Talking turkey

A pair of turkeys wander the free range near Jennifer Galvan’s house west of the city on Wednesday. Galvan breeds the pair and sells the poults that hatch, holding a few back to feed her family.


Lucky 13

Commercially, large-scale poultry farms raise giant white and broad breasted turkeys because the birds can grow to as much as 45 pounds. However, backyard farmers may prefer the look and size of the smaller breeds. There are at least 13 domesticated breeds in all:

■ Giant white

■ Broad breasted bronze

■ Standard bronze

■ Midget white

■ Black Spanish

■ Chocolate

■ Wild Rio Grande

■ Wild eastern

■ Narragansett

■ Bourbon red

■ Royal palm

■ White Holland

■ Blue slate

This is a story about turkeys — the $7.5 billion industry that condemns roughly 240 million birds to death each year for the dining pleasure of Americans.

Americans love turkey. They love it so much that on average, each of them eats about 16 pounds a year, though not normally at one sitting.

That’s six pounds more than the average Canadian, who consumes the second-most turkey in the world, according to the U.S. Department of Agriculture.

Demand requires supply, so the vast majority of turkeys are raised at large-scale farming operations, some of which engage in inhumane practices, some allege.

According to the People for the Ethical Treatment of Animals, the birds at these farms are hatched in large incubators and “never see their mothers or feel the warmth of a nest.”

Within a few weeks of hatching, the birds are “moved into filthy, windowless sheds with thousands of other turkeys, where they will spend the rest of their lives,” PETA said.

The large-scale poultry farming operation closest to Grand Junction, Foster Farms, is located in Delta. Foster Farms turkey growers were the first in the nation to receive a seal of approval from the American Humane Society. They raise and sell birds according to ethical standards created by the likes of Temple Grandin, who worked on guidelines the Delta farms presumably adopted.

Foster Farms’ corporate office did not return a telephone call requesting comment for this story.

Around the nation, commercial farms incubate around 25 million turkey eggs every month, according to the USDA.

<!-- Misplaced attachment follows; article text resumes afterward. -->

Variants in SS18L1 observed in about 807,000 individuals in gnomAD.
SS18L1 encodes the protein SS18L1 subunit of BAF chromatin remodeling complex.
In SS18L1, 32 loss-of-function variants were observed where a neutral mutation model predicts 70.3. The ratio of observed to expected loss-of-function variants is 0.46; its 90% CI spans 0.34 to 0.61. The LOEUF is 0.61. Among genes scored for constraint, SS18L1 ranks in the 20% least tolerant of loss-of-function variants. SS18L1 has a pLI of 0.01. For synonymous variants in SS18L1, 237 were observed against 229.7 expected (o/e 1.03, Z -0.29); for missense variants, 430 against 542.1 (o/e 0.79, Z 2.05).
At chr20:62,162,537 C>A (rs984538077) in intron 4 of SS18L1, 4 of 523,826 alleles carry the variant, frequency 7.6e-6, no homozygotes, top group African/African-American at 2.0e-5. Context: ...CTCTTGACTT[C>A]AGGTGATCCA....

After the poults hatch, hundreds are shipped to the Grand Junction post office, mostly in the springtime, said Judy Pierle, owner of Mesa Feed Mart, 715 S. Seventh St.

Pierle orders the poults 25 at a time between February and May to meet the demand of Grand Junction area backyard farmers who want to raise the Thanksgiving feast in their own backyard.

Some never make it to the dinner table, Pierle said.

“They make wonderful pets,” she said.

Jennifer Galvan used to buy poults until she grew a couple breeding pair of bourbon red turkeys. Beautiful to look at, but smaller than the standard bronze, Galvan said the birds breed naturally and give her as many as 40 poults a year, some of which she sells and the rest she butchers to feed her family.

She sells the youngest turkeys for $9 and the most mature for $15 each.

“They’re easy to raise,” Galvan said. “The only part that’s hard is the babies. They’re so tiny when they come out they can die very easily. They come out about the size of a golf ball — little, tiny, round, fluffy, usually brown or darker brown with speckles and tiny bit of yellow on their heads. They’re just adorable.”

Another problem is lawn mowers. Earlier this year, Galvan lost one of her hens when a neighbor mowed the weeds where the turkey was nesting.

Until about a year ago, Lee Gagne, a self-supporting, backyard farmer who lives west of the city, raised turkeys to feed his family and sometimes broke even selling the birds to friends.

He quit turkeys and now raises peacocks, which offer a better return on investment, he said. By the way, Gagne said roasted peacocks taste like turkey.

The man knows plenty about the birds but he is definitely not an expert.

“I’m just a regular guy that raises turkeys,” he said.

Gagne slaughtered his last two gobblers a while ago using a secret process he agreed to reveal for this story ... but that comes later.

His first piece of advice for would-be backyard turkey farmers is to let the birds roam free during daylight hours, but build a pen for nighttime.

“You need one mostly to protect the turkeys from predators — coyotes and dogs, raccoons, skunks, foxes — you’ve got to make an enclosure that protects the birds from other things,” Gagne said.

Plan to spend at least $36 on two or three bags of turkey feed, which is what it will take to grow them to the proper roasting size, he said.

“It’s way cheaper to buy turkeys at City Market,” Gagne said. “You can buy them at Christmas for under a buck a pound.”

There are no store-bought birds at Gagne’s Thanksgiving, however.

“I know when I put that turkey on the table ... it’s going to taste great and it doesn’t have any hormones or any other kind of stuff to make it grow quickly. It’s just a regular, happy, old bird.”

(Note: Squeamish readers may want to turn the page here.)

A regular, happy, old bird is butchered as follows:

Place the head of the animal in special funnel and stretch out the neck.

Chop off the head and let the blood drain.

“I don’t like to cut off their heads and let them run around. They might run into something and bruise the meat,” Gagne said.

Next, plunge the dead bird head-first into a large pot of boiling water. Swish it around for about ten seconds, then hang it up to dry. Start pulling feathers.

Now, for Gagne’s secret: Bees wax. Cover the bird in melted bees wax (other types of wax will probably work) and allow it to cool. As you remove the cool wax, it will take the small, hair-like feathers with it.


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